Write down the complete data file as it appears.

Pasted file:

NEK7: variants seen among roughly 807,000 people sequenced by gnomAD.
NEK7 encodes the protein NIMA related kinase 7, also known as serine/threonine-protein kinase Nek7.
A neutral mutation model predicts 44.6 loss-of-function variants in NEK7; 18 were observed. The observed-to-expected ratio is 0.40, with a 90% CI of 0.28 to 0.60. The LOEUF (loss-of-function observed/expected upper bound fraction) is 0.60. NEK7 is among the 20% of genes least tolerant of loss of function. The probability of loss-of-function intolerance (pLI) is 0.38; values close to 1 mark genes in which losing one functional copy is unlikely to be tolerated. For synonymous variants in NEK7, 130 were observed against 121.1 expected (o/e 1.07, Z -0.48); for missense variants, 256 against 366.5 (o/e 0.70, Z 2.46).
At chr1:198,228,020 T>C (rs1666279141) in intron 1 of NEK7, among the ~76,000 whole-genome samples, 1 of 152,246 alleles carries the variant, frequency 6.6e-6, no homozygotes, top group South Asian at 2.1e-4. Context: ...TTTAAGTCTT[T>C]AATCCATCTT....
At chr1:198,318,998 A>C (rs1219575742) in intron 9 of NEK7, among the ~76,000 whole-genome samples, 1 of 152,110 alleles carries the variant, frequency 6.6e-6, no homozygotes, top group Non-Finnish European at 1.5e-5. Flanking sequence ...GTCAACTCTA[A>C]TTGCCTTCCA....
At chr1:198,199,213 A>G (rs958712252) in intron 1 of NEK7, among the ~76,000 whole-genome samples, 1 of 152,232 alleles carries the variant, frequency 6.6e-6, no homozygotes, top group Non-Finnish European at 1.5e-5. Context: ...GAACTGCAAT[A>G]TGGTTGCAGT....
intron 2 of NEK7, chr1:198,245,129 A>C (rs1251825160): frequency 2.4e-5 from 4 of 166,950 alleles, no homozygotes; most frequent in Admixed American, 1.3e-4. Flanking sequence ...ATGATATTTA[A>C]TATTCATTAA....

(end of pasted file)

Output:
NEK7: variants seen among roughly 807,000 people sequenced by gnomAD.
NEK7 encodes the protein NIMA related kinase 7, also known as serine/threonine-protein kinase Nek7.
A neutral mutation model predicts 44.6 loss-of-function variants in NEK7; 18 were observed. The observed-to-expected ratio is 0.40, with a 90% CI of 0.28 to 0.60. The LOEUF (loss-of-function observed/expected upper bound fraction) is 0.60. NEK7 is among the 20% of genes least tolerant of loss of function. The probability of loss-of-function intolerance (pLI) is 0.38; values close to 1 mark genes in which losing one functional copy is unlikely to be tolerated. For synonymous variants in NEK7, 130 were observed against 121.1 expected (o/e 1.07, Z -0.48); for missense variants, 256 against 366.5 (o/e 0.70, Z 2.46).
At chr1:198,228,020 T>C (rs1666279141) in intron 1 of NEK7, among the ~76,000 whole-genome samples, 1 of 152,246 alleles carries the variant, frequency 6.6e-6, no homozygotes, top group South Asian at 2.1e-4. Context: ...TTTAAGTCTT[T>C]AATCCATCTT....
At chr1:198,318,998 A>C (rs1219575742) in intron 9 of NEK7, among the ~76,000 whole-genome samples, 1 of 152,110 alleles carries the variant, frequency 6.6e-6, no homozygotes, top group Non-Finnish European at 1.5e-5. Flanking sequence ...GTCAACTCTA[A>C]TTGCCTTCCA....
At chr1:198,199,213 A>G (rs958712252) in intron 1 of NEK7, among the ~76,000 whole-genome samples, 1 of 152,232 alleles carries the variant, frequency 6.6e-6, no homozygotes, top group Non-Finnish European at 1.5e-5. Context: ...GAACTGCAAT[A>G]TGGTTGCAGT....
intron 2 of NEK7, chr1:198,245,129 A>C (rs1251825160): frequency 2.4e-5 from 4 of 166,950 alleles, no homozygotes; most frequent in Admixed American, 1.3e-4. Flanking sequence ...ATGATATTTA[A>C]TATTCATTAA....